While data undoubtedly opens up new avenues for patient management and disease prevention, there should be cause for concern when it comes to appropriate use of patient data. Devices and applications that collect patient data (Fitbit, Apple Watch, etc.) are not only accessible by payors but also third-party groups like advertising companies, some of which are subsidiaries of digital analytics and tracking groups, including device manufacturers like Apple and Google. In today’s digital world, almost no level of data is truly private. When consumers are trying to leverage data to improve outcomes, those who are not healthy risk having their data fall into the hands of large payors who might use that data to set policy premiums. Being the stakeholder who is providing economic distribution of health gadgets as well the stakeholder controlling healthcare expenses, insurance companies have a large responsibility to remain ethical when analyzing patient data. As both payors and providers seek new avenues to learn more about customer behaviour, it possible that there will be large-scale consolidation between health insurance providers and healthcare companies, further blurring the ethical line to gaining patient data. If the stakeholders can keep data safeguarded in the right ways, devices like Apple Watch have the opportunity to course correct America’s dire status with chronic illnesses. The FDA has made significant strides in regulating patient data in mobile health and health IT solutions but much still remains to be established in the field. Who will stand up for policing the ecosystem? Can we develop programs that make it possible for patients to control when data is released? Technology will move very fast, but the challenge still remains to have all the other pieces of the ecosystem keep pace so we don’t miss out on the opportunity to bring quality health back into the hands of the patient.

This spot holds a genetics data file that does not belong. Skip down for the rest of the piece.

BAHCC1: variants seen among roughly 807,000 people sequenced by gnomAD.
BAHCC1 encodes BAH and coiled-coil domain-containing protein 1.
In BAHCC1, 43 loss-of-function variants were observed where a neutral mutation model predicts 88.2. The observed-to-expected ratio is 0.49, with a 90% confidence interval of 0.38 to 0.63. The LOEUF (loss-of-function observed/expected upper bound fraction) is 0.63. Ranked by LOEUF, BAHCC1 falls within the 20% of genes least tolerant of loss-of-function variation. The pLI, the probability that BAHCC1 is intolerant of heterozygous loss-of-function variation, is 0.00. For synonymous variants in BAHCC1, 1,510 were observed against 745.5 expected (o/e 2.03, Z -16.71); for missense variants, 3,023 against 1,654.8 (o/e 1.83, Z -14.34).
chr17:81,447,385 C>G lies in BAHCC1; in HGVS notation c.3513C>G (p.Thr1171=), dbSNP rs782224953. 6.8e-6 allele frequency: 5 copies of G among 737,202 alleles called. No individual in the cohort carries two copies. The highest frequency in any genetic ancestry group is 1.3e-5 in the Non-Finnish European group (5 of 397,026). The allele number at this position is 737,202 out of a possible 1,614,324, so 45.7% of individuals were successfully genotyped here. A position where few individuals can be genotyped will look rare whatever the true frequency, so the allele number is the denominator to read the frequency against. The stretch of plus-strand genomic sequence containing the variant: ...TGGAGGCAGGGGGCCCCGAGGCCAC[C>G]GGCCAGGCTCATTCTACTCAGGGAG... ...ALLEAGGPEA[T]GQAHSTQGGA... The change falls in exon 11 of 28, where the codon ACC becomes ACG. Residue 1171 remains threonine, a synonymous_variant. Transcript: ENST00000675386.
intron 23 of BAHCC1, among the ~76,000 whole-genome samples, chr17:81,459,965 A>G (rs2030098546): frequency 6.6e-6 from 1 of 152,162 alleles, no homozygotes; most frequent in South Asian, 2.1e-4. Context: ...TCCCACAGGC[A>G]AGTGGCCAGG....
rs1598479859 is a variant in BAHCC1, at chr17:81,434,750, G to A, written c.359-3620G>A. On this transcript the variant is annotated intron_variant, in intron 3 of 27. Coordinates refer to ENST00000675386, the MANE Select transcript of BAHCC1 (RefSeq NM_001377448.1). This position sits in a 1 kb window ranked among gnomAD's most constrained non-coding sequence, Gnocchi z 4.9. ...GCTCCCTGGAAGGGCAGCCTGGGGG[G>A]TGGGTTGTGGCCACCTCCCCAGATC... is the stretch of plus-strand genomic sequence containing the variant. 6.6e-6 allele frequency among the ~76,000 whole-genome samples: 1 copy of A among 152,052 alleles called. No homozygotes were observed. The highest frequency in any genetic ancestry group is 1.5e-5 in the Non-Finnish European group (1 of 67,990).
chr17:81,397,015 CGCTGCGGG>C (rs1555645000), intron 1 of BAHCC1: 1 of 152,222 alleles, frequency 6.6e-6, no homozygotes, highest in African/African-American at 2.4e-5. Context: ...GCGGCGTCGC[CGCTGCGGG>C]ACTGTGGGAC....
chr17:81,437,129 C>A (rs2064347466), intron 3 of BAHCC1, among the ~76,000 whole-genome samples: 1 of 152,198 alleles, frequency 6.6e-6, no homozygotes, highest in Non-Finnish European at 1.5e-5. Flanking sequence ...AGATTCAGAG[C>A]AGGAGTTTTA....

While the competition for autonomous cars and alternative means for capacity utilization increases, there has been a clear shift in focus away from public transportation to purely movement of goods. If Uber is blocked out of the next frontier of single occupancy/vehicle mobility, what keeps it from innovating in areas where other companies have neglected? Public transportation in the US is a mess and with the data that Uber currently owns, perhaps there are opportunities to provide the transportation ecosystem that the country desperately needs. Understanding local trends in the movement of humans throughout the day and throughout the year, Uber should consider developing solutions that can start moving masses of people, which helps enhance capacity utilization and provide disruptive solutions in an environment that has seen little interest or movement in decades. While nearly all major European countries have robust and affordable rail and bus systems, America places significant reliance on ownership of vehicles. Solutions already exist and what Uber can capitalize on is the execution. As an “asset-less” business, as it claims, Uber would have to prioritize changing its business model and associated cost-structures to accommodate a pivot to a more asset-intensive market of public transportation. However, I find this to a be a great opportunity to consider as an effort to reduce climate change due to vehicle congestion, reduce commute times, and make cities more affordable for citizens to be active contributing members of the larger economy.